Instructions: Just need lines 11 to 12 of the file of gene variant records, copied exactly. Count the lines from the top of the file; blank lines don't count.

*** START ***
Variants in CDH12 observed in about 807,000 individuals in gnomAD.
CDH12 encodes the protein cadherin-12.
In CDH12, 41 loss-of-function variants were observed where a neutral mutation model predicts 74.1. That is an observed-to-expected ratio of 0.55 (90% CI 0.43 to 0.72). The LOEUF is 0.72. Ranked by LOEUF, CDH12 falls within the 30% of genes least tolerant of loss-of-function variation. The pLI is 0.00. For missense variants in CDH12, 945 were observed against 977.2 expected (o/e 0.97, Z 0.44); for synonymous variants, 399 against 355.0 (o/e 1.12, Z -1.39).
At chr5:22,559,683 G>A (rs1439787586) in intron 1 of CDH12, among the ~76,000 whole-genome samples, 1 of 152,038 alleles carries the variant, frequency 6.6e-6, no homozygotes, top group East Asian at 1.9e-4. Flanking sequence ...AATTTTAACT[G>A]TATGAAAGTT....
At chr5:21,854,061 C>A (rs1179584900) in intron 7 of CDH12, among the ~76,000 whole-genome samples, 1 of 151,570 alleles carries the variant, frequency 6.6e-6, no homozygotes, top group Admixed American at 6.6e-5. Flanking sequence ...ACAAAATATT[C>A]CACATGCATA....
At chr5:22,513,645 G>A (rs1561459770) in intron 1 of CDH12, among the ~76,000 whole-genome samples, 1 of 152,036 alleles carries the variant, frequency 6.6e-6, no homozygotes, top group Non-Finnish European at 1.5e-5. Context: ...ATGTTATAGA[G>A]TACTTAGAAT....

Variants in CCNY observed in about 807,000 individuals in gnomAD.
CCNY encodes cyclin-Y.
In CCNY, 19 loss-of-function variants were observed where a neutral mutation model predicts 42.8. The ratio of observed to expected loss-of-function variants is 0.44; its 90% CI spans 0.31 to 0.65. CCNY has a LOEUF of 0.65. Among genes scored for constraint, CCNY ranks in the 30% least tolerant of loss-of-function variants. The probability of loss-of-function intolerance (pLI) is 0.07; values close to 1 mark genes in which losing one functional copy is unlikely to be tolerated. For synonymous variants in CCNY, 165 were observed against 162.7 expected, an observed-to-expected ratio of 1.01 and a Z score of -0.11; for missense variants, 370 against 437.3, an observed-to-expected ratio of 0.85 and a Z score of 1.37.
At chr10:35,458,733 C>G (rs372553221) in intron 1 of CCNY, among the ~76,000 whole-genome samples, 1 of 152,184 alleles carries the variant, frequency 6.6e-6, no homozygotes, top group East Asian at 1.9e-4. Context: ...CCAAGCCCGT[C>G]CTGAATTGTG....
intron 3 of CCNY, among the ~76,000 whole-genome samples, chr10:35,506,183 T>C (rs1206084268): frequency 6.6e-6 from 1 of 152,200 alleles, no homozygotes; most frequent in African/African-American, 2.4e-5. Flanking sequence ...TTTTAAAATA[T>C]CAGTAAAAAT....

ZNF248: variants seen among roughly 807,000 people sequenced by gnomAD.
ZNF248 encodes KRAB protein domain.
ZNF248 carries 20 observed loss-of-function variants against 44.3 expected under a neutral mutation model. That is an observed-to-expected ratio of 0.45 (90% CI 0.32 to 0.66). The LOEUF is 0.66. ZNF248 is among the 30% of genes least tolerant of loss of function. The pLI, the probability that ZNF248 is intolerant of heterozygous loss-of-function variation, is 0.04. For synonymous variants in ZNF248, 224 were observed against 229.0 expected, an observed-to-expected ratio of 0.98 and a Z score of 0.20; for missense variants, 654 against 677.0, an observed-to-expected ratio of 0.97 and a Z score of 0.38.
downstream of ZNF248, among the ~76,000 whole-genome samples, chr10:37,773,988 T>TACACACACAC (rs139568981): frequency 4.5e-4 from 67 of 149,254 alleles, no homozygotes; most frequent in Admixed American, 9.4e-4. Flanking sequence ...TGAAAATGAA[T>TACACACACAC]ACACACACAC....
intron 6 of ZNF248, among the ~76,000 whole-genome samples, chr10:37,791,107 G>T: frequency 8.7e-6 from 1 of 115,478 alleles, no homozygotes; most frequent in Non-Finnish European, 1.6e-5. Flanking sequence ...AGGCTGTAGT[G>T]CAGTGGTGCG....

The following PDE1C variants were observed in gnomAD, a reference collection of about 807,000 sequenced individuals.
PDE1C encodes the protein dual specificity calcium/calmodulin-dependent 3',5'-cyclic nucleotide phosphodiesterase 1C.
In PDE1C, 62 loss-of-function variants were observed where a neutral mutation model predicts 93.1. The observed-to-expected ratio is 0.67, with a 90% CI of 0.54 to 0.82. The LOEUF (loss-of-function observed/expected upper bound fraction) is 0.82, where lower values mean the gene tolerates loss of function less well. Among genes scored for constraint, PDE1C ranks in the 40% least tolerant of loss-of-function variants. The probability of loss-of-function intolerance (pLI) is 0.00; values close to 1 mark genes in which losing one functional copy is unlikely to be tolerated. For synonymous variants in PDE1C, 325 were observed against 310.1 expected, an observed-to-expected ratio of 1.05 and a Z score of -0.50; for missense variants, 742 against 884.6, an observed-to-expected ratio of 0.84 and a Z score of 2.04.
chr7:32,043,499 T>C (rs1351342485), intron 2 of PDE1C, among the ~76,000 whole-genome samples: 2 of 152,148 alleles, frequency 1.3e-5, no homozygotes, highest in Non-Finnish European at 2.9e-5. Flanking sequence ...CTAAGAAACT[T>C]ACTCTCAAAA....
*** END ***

intron 3 of CCNY, among the ~76,000 whole-genome samples, chr10:35,506,183 T>C (rs1206084268): frequency 6.6e-6 from 1 of 152,200 alleles, no homozygotes; most frequent in African/African-American, 2.4e-5. Flanking sequence ...TTTTAAAATA[T>C]CAGTAAAAAT....

ZNF248: variants seen among roughly 807,000 people sequenced by gnomAD.